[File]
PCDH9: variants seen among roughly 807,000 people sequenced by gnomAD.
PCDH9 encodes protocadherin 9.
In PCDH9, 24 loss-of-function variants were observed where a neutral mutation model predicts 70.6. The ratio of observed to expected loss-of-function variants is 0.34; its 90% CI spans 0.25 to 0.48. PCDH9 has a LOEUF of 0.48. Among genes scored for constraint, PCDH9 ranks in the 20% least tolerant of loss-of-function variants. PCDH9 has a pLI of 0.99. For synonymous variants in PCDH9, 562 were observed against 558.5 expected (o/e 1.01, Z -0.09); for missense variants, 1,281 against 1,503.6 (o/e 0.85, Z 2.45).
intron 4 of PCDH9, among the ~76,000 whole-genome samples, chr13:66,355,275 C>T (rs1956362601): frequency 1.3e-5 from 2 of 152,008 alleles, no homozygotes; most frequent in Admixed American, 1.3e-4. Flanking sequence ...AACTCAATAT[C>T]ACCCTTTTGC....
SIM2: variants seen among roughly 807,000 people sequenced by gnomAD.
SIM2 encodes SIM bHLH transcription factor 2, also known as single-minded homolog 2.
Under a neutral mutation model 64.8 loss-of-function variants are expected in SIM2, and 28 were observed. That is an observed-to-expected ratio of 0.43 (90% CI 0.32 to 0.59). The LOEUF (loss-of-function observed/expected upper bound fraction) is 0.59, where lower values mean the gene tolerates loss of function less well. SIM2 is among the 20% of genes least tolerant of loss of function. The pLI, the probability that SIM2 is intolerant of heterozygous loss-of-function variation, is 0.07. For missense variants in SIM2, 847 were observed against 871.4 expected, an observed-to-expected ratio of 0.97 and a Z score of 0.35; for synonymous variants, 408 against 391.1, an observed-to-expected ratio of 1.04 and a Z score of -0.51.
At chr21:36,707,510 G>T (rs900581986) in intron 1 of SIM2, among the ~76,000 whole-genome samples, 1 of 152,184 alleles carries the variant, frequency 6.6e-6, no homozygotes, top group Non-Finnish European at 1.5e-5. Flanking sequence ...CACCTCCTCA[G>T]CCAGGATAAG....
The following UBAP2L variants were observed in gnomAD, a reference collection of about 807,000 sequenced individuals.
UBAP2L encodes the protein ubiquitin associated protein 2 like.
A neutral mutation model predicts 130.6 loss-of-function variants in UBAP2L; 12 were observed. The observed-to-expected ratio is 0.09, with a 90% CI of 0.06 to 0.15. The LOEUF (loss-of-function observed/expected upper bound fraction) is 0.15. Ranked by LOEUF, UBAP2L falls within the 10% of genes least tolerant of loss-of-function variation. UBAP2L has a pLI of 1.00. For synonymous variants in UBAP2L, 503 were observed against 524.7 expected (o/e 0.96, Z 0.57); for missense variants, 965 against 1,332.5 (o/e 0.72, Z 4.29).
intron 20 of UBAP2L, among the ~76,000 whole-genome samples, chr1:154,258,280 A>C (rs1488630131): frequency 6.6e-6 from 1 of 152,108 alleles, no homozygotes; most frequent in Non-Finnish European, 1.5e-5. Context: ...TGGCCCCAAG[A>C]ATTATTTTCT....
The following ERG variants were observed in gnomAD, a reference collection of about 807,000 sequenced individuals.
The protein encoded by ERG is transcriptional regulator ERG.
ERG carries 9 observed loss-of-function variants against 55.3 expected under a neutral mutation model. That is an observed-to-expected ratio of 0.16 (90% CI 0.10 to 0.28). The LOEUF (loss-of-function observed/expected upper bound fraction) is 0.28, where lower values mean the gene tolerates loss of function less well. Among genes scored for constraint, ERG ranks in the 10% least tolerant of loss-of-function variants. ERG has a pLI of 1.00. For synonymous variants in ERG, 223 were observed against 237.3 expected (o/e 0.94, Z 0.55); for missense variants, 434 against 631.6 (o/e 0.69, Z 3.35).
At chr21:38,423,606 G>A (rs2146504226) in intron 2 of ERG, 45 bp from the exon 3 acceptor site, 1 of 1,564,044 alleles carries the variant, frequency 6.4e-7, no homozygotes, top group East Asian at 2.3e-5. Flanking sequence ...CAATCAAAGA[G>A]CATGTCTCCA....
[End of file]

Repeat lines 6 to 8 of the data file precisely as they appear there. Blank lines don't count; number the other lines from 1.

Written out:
SIM2 encodes SIM bHLH transcription factor 2, also known as single-minded homolog 2.
Under a neutral mutation model 64.8 loss-of-function variants are expected in SIM2, and 28 were observed. That is an observed-to-expected ratio of 0.43 (90% CI 0.32 to 0.59). The LOEUF (loss-of-function observed/expected upper bound fraction) is 0.59, where lower values mean the gene tolerates loss of function less well. SIM2 is among the 20% of genes least tolerant of loss of function. The pLI, the probability that SIM2 is intolerant of heterozygous loss-of-function variation, is 0.07. For missense variants in SIM2, 847 were observed against 871.4 expected, an observed-to-expected ratio of 0.97 and a Z score of 0.35; for synonymous variants, 408 against 391.1, an observed-to-expected ratio of 1.04 and a Z score of -0.51.
At chr21:36,707,510 G>T (rs900581986) in intron 1 of SIM2, among the ~76,000 whole-genome samples, 1 of 152,184 alleles carries the variant, frequency 6.6e-6, no homozygotes, top group Non-Finnish European at 1.5e-5. Flanking sequence ...CACCTCCTCA[G>T]CCAGGATAAG....